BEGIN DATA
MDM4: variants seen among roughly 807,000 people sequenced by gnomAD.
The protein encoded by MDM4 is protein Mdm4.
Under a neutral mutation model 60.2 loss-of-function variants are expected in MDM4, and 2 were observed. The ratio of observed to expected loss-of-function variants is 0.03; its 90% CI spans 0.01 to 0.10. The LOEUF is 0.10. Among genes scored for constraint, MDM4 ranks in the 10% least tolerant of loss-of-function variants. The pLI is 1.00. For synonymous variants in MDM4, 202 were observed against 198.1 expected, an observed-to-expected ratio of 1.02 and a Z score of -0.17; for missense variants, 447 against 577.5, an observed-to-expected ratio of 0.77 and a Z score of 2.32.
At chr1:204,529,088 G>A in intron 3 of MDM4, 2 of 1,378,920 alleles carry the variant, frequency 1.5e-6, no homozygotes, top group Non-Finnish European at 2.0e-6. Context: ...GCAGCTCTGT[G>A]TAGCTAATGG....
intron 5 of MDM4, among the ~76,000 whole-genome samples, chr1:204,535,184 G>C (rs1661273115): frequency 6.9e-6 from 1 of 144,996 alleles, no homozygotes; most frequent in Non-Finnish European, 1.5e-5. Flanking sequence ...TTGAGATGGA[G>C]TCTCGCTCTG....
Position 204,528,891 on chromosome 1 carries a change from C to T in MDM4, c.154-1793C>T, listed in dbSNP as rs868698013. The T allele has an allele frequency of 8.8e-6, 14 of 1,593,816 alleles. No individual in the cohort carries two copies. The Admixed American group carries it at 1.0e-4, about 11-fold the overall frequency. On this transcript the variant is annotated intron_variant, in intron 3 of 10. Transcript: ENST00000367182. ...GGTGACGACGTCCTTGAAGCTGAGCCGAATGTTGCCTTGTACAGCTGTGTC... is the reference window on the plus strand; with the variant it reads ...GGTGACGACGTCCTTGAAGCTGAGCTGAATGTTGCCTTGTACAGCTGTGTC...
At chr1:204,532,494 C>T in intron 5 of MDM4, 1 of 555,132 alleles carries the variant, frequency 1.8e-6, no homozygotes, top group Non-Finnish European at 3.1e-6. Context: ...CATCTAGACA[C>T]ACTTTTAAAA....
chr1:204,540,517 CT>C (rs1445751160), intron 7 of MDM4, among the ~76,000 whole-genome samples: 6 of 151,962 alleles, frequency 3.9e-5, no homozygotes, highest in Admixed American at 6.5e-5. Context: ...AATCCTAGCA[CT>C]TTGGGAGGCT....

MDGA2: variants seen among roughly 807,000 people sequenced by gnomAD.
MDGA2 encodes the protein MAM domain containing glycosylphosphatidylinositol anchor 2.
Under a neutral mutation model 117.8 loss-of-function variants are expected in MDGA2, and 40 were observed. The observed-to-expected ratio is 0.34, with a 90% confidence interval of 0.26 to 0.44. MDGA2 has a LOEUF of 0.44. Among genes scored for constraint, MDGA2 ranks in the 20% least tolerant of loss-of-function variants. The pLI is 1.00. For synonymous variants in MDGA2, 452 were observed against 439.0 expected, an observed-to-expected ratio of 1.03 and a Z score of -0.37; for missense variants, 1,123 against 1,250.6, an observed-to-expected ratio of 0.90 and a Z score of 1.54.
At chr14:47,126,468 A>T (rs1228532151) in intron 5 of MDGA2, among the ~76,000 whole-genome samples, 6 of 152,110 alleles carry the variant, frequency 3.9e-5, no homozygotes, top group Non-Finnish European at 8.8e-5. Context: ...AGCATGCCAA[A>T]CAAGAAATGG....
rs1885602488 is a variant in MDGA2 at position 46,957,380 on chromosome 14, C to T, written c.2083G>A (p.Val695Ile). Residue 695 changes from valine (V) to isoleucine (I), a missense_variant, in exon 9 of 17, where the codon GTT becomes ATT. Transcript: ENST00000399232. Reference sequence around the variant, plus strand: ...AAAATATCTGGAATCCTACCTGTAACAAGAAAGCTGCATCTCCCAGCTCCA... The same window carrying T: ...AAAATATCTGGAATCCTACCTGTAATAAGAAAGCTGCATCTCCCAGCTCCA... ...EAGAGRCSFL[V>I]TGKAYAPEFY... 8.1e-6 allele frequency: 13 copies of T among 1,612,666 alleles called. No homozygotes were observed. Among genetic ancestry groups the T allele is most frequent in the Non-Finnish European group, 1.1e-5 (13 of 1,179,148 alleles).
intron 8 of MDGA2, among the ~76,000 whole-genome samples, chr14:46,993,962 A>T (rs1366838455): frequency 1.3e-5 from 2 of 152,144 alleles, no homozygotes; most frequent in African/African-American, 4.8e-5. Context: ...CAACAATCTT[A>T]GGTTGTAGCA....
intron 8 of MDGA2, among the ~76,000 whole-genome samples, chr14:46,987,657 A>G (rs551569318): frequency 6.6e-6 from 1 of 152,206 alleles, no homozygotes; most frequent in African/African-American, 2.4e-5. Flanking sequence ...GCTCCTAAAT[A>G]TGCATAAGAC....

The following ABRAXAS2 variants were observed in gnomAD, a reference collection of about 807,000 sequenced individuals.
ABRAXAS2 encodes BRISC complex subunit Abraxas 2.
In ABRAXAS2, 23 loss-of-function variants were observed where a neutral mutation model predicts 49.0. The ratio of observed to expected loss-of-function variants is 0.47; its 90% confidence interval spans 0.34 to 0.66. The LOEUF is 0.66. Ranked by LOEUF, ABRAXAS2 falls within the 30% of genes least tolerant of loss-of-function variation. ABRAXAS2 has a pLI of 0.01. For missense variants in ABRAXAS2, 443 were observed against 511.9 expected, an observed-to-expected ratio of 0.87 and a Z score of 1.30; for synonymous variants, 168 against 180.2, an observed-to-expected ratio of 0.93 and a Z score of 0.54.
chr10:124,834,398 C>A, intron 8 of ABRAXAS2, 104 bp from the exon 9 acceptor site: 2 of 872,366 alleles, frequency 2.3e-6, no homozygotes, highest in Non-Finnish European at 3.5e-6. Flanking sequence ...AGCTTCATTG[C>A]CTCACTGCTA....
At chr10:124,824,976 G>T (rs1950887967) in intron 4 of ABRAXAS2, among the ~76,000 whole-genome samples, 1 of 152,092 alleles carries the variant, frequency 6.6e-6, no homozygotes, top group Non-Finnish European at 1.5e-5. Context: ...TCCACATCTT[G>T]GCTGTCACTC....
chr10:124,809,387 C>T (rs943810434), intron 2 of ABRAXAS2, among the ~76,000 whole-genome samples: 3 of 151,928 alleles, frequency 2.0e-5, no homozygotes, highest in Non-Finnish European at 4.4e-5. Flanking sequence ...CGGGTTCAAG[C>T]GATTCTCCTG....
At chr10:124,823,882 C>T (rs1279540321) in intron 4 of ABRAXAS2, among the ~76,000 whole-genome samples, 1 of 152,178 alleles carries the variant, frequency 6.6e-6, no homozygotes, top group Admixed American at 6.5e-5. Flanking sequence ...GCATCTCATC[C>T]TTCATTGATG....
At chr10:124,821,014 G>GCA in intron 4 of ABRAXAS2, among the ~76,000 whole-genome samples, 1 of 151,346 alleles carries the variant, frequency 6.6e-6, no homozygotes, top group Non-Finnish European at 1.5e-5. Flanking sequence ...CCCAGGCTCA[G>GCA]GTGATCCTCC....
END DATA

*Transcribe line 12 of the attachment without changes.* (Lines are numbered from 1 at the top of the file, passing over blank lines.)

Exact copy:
At chr14:47,126,468 A>T (rs1228532151) in intron 5 of MDGA2, among the ~76,000 whole-genome samples, 6 of 152,110 alleles carry the variant, frequency 3.9e-5, no homozygotes, top group Non-Finnish European at 8.8e-5. Context: ...AGCATGCCAA[A>T]CAAGAAATGG....